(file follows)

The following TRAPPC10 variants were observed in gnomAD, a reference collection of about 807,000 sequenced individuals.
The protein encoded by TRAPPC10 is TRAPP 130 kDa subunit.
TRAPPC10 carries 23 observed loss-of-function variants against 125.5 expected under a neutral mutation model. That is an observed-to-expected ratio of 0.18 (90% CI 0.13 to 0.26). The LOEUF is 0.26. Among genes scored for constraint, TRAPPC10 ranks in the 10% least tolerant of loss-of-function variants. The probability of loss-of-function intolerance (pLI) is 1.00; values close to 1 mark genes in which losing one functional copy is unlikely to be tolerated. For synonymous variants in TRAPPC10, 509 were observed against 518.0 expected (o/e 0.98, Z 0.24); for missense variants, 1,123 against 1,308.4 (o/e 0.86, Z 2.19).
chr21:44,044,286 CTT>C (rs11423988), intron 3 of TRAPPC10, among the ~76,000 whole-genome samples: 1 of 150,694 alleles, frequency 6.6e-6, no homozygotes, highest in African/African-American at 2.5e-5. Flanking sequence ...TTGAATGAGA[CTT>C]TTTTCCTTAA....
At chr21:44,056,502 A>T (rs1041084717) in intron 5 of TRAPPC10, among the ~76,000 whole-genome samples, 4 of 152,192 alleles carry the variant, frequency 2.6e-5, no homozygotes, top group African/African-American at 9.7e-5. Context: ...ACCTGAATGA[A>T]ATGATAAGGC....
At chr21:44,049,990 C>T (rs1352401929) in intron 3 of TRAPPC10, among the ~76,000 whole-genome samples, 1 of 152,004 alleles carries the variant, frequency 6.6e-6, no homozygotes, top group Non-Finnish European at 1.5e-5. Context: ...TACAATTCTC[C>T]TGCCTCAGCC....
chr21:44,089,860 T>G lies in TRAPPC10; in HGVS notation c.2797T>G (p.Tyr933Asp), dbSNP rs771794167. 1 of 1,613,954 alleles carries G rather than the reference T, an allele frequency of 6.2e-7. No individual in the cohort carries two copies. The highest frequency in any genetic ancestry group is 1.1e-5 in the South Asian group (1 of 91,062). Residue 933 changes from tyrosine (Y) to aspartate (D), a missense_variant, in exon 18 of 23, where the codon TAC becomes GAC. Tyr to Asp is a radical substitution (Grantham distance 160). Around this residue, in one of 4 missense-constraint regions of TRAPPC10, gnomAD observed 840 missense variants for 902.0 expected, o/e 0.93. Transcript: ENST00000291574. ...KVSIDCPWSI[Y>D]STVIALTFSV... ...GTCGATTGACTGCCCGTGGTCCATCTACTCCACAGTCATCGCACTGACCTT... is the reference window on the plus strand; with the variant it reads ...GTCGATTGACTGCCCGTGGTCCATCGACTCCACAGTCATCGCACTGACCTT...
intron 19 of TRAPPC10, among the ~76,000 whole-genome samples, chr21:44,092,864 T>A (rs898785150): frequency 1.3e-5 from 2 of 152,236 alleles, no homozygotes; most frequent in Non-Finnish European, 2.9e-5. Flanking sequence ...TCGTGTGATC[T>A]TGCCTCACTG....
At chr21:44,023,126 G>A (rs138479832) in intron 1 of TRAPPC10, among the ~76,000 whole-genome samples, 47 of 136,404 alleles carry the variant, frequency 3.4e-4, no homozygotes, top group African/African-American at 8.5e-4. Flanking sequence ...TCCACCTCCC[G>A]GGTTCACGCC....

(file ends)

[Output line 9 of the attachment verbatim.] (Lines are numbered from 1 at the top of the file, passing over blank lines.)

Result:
At chr21:44,023,126 G>A (rs138479832) in intron 1 of TRAPPC10, among the ~76,000 whole-genome samples, 47 of 136,404 alleles carry the variant, frequency 3.4e-4, no homozygotes, top group African/African-American at 8.5e-4. Flanking sequence ...TCCACCTCCC[G>A]GGTTCACGCC....